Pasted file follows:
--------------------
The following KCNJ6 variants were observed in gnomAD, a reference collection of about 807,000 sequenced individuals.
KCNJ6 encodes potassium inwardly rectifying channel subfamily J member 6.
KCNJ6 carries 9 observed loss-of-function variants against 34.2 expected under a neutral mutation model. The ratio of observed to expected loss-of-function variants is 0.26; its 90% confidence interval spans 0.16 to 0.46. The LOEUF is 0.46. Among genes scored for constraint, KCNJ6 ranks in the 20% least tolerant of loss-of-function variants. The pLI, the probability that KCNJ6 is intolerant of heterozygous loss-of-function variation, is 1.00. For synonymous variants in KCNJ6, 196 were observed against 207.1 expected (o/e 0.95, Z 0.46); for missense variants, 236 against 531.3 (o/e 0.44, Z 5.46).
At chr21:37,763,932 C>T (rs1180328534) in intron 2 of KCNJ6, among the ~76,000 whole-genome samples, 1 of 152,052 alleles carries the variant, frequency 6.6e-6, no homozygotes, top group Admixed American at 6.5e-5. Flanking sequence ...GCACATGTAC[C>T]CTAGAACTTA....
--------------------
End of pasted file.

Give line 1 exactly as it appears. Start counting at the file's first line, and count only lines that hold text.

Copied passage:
The following KCNJ6 variants were observed in gnomAD, a reference collection of about 807,000 sequenced individuals.